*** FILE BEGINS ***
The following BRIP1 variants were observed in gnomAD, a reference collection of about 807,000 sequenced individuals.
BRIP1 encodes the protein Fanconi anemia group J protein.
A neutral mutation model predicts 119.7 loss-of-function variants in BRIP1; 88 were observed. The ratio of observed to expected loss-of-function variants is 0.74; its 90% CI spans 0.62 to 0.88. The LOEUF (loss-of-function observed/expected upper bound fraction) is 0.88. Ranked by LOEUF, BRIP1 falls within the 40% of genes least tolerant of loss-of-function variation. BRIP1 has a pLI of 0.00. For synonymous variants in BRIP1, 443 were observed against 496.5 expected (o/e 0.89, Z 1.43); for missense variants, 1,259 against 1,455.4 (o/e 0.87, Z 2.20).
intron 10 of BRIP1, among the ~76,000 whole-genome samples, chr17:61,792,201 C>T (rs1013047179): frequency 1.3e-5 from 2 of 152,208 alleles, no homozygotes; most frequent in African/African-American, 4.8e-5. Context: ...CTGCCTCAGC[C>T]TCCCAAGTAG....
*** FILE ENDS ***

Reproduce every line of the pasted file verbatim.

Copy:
The following BRIP1 variants were observed in gnomAD, a reference collection of about 807,000 sequenced individuals.
BRIP1 encodes the protein Fanconi anemia group J protein.
A neutral mutation model predicts 119.7 loss-of-function variants in BRIP1; 88 were observed. The ratio of observed to expected loss-of-function variants is 0.74; its 90% CI spans 0.62 to 0.88. The LOEUF (loss-of-function observed/expected upper bound fraction) is 0.88. Ranked by LOEUF, BRIP1 falls within the 40% of genes least tolerant of loss-of-function variation. BRIP1 has a pLI of 0.00. For synonymous variants in BRIP1, 443 were observed against 496.5 expected (o/e 0.89, Z 1.43); for missense variants, 1,259 against 1,455.4 (o/e 0.87, Z 2.20).
intron 10 of BRIP1, among the ~76,000 whole-genome samples, chr17:61,792,201 C>T (rs1013047179): frequency 1.3e-5 from 2 of 152,208 alleles, no homozygotes; most frequent in African/African-American, 4.8e-5. Context: ...CTGCCTCAGC[C>T]TCCCAAGTAG....